Another week has flown by in isolation. Is it just me? Or is anyone else finding that the days are flashing by and you’re beginning to wonder how you ever managed to fit in going to work, what with all the other things you have to do about the house and garden?
What have you all been up to this week? On the home front, I took my dining room apart and gave it a thorough spring clean, including shampooing the carpet and the large rug I have in there. Now, I’ve had this rug for over twenty years, and I don’t think it’s ever been properly shampooed. Needless to say, what came off it was disgusting, and I am properly ashamed of myself.
When I put the room all back together and re-laid the rug, I called Miss F in to take a look. Smugly proud of how bright and clean and sparkling everything was, I waited for the gasps and wows. They didn’t come. Instead she just looked around, grunted, and left. Bit crushed, must admit, that she couldn’t see the difference. But I can see how much better everything looks, even if she can’t, and at least I know how much cleaner it is, so I suppose that’s all that matters.
We continue to stay very close to home. My routine now is to go out just once a week on a Saturday morning, when I scuttle up town avoiding contact with anyone I see, wait to get into my local Tesco Express or Marks & Spencer – I haven’t dared go near one of the bigger stores – and then forage for whatever is available. This week Miss F requested I try and get flour so she can make some cakes. I came back empty handed though because the home baking section had been picked clean – no flour to be had for love nor money.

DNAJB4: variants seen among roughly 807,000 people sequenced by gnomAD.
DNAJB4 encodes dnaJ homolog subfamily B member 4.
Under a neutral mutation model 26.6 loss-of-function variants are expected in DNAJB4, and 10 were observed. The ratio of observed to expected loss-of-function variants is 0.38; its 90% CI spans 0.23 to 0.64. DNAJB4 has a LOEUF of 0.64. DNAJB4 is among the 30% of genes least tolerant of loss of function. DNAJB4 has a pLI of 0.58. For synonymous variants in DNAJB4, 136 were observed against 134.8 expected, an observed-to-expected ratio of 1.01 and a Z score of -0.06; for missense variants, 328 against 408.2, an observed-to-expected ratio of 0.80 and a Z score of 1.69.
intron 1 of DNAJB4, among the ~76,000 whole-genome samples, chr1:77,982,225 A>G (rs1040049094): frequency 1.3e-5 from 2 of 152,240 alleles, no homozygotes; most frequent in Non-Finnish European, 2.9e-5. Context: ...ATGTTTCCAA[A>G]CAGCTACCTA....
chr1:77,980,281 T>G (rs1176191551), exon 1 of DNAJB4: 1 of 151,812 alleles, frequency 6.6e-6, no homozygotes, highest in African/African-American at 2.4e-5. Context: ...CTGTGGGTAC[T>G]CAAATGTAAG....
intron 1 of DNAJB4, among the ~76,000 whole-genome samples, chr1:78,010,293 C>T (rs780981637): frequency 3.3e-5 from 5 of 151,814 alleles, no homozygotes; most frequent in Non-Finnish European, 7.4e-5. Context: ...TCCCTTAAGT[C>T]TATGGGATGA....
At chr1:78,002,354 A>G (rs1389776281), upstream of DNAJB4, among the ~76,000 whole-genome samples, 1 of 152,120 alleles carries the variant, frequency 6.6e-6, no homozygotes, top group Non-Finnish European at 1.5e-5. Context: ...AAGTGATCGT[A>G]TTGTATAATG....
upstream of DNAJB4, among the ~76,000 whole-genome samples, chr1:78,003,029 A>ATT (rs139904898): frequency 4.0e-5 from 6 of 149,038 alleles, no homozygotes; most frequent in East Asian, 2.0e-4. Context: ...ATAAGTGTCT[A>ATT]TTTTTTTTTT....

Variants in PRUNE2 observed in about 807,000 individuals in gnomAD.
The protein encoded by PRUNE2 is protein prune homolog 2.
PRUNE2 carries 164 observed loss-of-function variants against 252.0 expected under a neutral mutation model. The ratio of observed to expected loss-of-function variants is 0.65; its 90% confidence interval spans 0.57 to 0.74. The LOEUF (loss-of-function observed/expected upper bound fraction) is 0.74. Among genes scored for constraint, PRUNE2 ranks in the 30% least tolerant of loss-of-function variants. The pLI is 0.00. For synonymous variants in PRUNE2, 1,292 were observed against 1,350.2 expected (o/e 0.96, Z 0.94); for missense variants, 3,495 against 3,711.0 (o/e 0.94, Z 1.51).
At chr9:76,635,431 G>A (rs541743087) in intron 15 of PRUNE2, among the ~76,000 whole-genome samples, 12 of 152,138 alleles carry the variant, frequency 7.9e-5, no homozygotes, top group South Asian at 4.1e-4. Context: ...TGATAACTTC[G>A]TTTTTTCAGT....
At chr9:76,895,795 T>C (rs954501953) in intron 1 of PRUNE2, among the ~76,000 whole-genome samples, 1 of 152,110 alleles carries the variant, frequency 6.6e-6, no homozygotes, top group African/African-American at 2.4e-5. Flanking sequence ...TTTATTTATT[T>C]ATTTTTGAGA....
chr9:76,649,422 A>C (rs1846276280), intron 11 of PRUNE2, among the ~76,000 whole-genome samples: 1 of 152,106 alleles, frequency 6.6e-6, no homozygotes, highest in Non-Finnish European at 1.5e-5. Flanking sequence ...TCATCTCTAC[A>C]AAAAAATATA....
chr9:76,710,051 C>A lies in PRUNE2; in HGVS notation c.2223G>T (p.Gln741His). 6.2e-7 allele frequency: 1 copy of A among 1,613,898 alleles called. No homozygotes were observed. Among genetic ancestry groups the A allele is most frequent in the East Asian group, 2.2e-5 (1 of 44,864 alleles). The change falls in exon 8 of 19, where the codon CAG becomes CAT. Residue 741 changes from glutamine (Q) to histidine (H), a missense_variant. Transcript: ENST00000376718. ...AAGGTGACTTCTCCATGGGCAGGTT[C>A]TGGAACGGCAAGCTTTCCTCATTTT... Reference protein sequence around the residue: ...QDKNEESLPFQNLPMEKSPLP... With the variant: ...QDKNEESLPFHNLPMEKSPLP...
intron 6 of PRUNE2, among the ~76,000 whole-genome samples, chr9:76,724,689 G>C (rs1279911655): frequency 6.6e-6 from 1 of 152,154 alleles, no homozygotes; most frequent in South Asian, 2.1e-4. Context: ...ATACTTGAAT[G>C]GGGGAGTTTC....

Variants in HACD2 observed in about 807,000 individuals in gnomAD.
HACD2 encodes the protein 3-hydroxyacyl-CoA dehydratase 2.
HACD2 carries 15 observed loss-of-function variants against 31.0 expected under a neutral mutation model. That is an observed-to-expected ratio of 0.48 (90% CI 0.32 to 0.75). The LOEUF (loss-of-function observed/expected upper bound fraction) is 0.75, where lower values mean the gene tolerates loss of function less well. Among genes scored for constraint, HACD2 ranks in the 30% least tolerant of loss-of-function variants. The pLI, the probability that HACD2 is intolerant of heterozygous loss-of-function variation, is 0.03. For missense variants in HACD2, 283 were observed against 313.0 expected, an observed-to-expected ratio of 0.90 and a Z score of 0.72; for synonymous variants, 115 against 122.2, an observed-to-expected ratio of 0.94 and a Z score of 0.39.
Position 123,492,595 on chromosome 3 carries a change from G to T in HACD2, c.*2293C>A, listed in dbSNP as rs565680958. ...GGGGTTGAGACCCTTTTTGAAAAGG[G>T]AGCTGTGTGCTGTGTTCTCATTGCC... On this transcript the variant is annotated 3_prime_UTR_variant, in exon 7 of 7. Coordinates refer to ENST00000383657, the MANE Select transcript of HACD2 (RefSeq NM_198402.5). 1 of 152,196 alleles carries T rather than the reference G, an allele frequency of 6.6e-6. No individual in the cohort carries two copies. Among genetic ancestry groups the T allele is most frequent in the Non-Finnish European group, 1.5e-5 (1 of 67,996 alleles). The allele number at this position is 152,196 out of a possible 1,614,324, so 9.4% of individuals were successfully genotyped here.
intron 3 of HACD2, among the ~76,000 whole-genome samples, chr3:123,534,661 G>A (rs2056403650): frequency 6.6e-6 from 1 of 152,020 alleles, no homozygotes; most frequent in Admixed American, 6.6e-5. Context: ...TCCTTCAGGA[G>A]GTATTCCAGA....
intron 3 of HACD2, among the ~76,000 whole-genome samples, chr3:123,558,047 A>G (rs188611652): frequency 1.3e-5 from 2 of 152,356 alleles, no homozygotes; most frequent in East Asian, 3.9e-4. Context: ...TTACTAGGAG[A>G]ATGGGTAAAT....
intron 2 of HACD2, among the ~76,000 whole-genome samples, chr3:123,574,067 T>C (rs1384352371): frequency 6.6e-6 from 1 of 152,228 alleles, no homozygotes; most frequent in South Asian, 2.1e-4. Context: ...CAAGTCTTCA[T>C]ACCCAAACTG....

It makes me a big cross though, when I’m on these brief, necessary excursions, to see elderly and frail looking people tottering about the shops. I even spoke to one lady whilst waiting in the queue for Marks & Spencer – at a safe 2m distance of course – and asked her why she was out. She confirmed what I already knew that there are no delivery slots to be had. Now, I know of several perfectly able people who are still getting their food delivered when they really could go to the shop and leave their slot for someone who really needs it, but I guess their argument would be that even if they did give up their slot there’s no guarantee it would go to the needy. No, some other perfectly able person would probably grab it. It seems a shame that the supermarkets who are delivering still aren’t giving priority to the most vulnerable people, those who really should be at home, not risking their lives tottering up to the shops every day because they can’t carry very much back in one trip.
This crisis has certainly brought out the best and the worst in people.
Although I have been busy all week and have had happy and productive days, Miss F hasn’t. She’s basically completed all the college work she’d been given and is now wallowing about in her PJ’s and watching mindless videos on YouTube. All my suggestions for things she could do are met with eyerolls, so I now leave her alone to get on with it. Although, I have put my foot down and insisted she must go into the garden for at least twenty minutes a day. It’s been almost three weeks since she has set foot outside the house and she’s beginning to look like Wednesday Adams.